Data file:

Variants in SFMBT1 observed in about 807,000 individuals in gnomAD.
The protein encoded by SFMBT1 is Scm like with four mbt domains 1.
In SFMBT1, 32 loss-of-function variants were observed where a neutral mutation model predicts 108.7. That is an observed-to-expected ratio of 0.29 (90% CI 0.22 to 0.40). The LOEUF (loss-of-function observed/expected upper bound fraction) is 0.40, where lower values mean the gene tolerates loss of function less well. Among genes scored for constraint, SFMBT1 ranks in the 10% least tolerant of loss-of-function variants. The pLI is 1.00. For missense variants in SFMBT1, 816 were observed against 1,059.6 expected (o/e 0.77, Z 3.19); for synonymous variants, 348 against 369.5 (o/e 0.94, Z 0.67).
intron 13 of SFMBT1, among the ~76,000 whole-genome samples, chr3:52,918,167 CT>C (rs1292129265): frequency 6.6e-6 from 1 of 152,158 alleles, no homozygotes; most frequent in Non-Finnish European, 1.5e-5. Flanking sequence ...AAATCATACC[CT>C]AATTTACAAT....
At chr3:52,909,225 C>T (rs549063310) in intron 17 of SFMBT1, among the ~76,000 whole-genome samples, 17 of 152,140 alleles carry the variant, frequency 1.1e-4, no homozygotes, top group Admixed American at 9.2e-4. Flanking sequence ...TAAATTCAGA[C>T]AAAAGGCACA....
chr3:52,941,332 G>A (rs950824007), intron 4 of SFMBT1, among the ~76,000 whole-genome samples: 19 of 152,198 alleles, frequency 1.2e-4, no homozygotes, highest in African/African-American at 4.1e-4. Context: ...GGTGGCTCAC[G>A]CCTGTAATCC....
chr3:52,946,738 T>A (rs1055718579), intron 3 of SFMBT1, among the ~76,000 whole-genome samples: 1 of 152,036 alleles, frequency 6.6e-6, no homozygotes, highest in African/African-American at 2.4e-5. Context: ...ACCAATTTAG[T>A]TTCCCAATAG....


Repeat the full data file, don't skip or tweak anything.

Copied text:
Variants in SFMBT1 observed in about 807,000 individuals in gnomAD.
The protein encoded by SFMBT1 is Scm like with four mbt domains 1.
In SFMBT1, 32 loss-of-function variants were observed where a neutral mutation model predicts 108.7. That is an observed-to-expected ratio of 0.29 (90% CI 0.22 to 0.40). The LOEUF (loss-of-function observed/expected upper bound fraction) is 0.40, where lower values mean the gene tolerates loss of function less well. Among genes scored for constraint, SFMBT1 ranks in the 10% least tolerant of loss-of-function variants. The pLI is 1.00. For missense variants in SFMBT1, 816 were observed against 1,059.6 expected (o/e 0.77, Z 3.19); for synonymous variants, 348 against 369.5 (o/e 0.94, Z 0.67).
intron 13 of SFMBT1, among the ~76,000 whole-genome samples, chr3:52,918,167 CT>C (rs1292129265): frequency 6.6e-6 from 1 of 152,158 alleles, no homozygotes; most frequent in Non-Finnish European, 1.5e-5. Flanking sequence ...AAATCATACC[CT>C]AATTTACAAT....
At chr3:52,909,225 C>T (rs549063310) in intron 17 of SFMBT1, among the ~76,000 whole-genome samples, 17 of 152,140 alleles carry the variant, frequency 1.1e-4, no homozygotes, top group Admixed American at 9.2e-4. Flanking sequence ...TAAATTCAGA[C>T]AAAAGGCACA....
chr3:52,941,332 G>A (rs950824007), intron 4 of SFMBT1, among the ~76,000 whole-genome samples: 19 of 152,198 alleles, frequency 1.2e-4, no homozygotes, highest in African/African-American at 4.1e-4. Context: ...GGTGGCTCAC[G>A]CCTGTAATCC....
chr3:52,946,738 T>A (rs1055718579), intron 3 of SFMBT1, among the ~76,000 whole-genome samples: 1 of 152,036 alleles, frequency 6.6e-6, no homozygotes, highest in African/African-American at 2.4e-5. Context: ...ACCAATTTAG[T>A]TTCCCAATAG....